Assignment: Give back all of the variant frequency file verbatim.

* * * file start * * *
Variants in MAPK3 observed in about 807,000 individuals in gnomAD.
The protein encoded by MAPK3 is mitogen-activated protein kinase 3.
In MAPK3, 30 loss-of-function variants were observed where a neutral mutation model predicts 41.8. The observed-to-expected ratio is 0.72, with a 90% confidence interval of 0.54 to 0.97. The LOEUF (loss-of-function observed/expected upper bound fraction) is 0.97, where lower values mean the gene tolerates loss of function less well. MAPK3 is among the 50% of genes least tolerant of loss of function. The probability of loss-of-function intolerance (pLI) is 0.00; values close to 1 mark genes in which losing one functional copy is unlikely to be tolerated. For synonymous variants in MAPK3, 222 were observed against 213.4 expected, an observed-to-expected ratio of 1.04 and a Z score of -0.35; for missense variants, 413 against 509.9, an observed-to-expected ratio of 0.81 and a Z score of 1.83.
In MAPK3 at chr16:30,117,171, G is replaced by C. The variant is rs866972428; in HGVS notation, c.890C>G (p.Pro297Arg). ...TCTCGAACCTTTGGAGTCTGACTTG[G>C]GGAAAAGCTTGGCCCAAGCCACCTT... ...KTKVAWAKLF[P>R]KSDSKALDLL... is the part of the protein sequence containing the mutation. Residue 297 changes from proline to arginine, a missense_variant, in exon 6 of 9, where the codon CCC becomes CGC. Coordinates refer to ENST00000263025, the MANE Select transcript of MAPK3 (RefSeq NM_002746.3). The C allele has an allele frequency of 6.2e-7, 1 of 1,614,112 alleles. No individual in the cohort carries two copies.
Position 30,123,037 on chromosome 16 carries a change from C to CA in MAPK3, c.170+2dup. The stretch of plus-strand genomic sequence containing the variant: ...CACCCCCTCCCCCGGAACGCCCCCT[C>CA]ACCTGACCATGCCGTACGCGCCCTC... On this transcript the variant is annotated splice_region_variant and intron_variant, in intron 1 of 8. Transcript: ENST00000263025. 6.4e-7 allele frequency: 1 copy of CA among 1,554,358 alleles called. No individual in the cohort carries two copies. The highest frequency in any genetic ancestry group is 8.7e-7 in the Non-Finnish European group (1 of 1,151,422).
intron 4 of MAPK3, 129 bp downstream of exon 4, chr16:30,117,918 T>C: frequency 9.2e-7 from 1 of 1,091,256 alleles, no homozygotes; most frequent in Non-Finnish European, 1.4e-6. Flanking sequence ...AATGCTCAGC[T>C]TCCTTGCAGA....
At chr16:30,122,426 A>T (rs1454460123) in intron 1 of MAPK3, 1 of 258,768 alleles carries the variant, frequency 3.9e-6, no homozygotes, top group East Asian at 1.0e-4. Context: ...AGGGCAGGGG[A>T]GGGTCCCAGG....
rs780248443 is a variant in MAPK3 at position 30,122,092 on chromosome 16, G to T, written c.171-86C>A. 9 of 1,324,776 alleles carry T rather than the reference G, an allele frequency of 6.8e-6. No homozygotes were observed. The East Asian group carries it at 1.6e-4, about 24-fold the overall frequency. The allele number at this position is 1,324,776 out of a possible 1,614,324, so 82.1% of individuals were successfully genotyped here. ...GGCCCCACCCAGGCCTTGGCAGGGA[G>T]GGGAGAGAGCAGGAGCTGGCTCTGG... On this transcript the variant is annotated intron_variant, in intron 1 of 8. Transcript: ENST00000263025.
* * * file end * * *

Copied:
Variants in MAPK3 observed in about 807,000 individuals in gnomAD.
The protein encoded by MAPK3 is mitogen-activated protein kinase 3.
In MAPK3, 30 loss-of-function variants were observed where a neutral mutation model predicts 41.8. The observed-to-expected ratio is 0.72, with a 90% confidence interval of 0.54 to 0.97. The LOEUF (loss-of-function observed/expected upper bound fraction) is 0.97, where lower values mean the gene tolerates loss of function less well. MAPK3 is among the 50% of genes least tolerant of loss of function. The probability of loss-of-function intolerance (pLI) is 0.00; values close to 1 mark genes in which losing one functional copy is unlikely to be tolerated. For synonymous variants in MAPK3, 222 were observed against 213.4 expected, an observed-to-expected ratio of 1.04 and a Z score of -0.35; for missense variants, 413 against 509.9, an observed-to-expected ratio of 0.81 and a Z score of 1.83.
In MAPK3 at chr16:30,117,171, G is replaced by C. The variant is rs866972428; in HGVS notation, c.890C>G (p.Pro297Arg). ...TCTCGAACCTTTGGAGTCTGACTTG[G>C]GGAAAAGCTTGGCCCAAGCCACCTT... ...KTKVAWAKLF[P>R]KSDSKALDLL... is the part of the protein sequence containing the mutation. Residue 297 changes from proline to arginine, a missense_variant, in exon 6 of 9, where the codon CCC becomes CGC. Coordinates refer to ENST00000263025, the MANE Select transcript of MAPK3 (RefSeq NM_002746.3). The C allele has an allele frequency of 6.2e-7, 1 of 1,614,112 alleles. No individual in the cohort carries two copies.
Position 30,123,037 on chromosome 16 carries a change from C to CA in MAPK3, c.170+2dup. The stretch of plus-strand genomic sequence containing the variant: ...CACCCCCTCCCCCGGAACGCCCCCT[C>CA]ACCTGACCATGCCGTACGCGCCCTC... On this transcript the variant is annotated splice_region_variant and intron_variant, in intron 1 of 8. Transcript: ENST00000263025. 6.4e-7 allele frequency: 1 copy of CA among 1,554,358 alleles called. No individual in the cohort carries two copies. The highest frequency in any genetic ancestry group is 8.7e-7 in the Non-Finnish European group (1 of 1,151,422).
intron 4 of MAPK3, 129 bp downstream of exon 4, chr16:30,117,918 T>C: frequency 9.2e-7 from 1 of 1,091,256 alleles, no homozygotes; most frequent in Non-Finnish European, 1.4e-6. Flanking sequence ...AATGCTCAGC[T>C]TCCTTGCAGA....
At chr16:30,122,426 A>T (rs1454460123) in intron 1 of MAPK3, 1 of 258,768 alleles carries the variant, frequency 3.9e-6, no homozygotes, top group East Asian at 1.0e-4. Context: ...AGGGCAGGGG[A>T]GGGTCCCAGG....
rs780248443 is a variant in MAPK3 at position 30,122,092 on chromosome 16, G to T, written c.171-86C>A. 9 of 1,324,776 alleles carry T rather than the reference G, an allele frequency of 6.8e-6. No homozygotes were observed. The East Asian group carries it at 1.6e-4, about 24-fold the overall frequency. The allele number at this position is 1,324,776 out of a possible 1,614,324, so 82.1% of individuals were successfully genotyped here. ...GGCCCCACCCAGGCCTTGGCAGGGA[G>T]GGGAGAGAGCAGGAGCTGGCTCTGG... On this transcript the variant is annotated intron_variant, in intron 1 of 8. Transcript: ENST00000263025.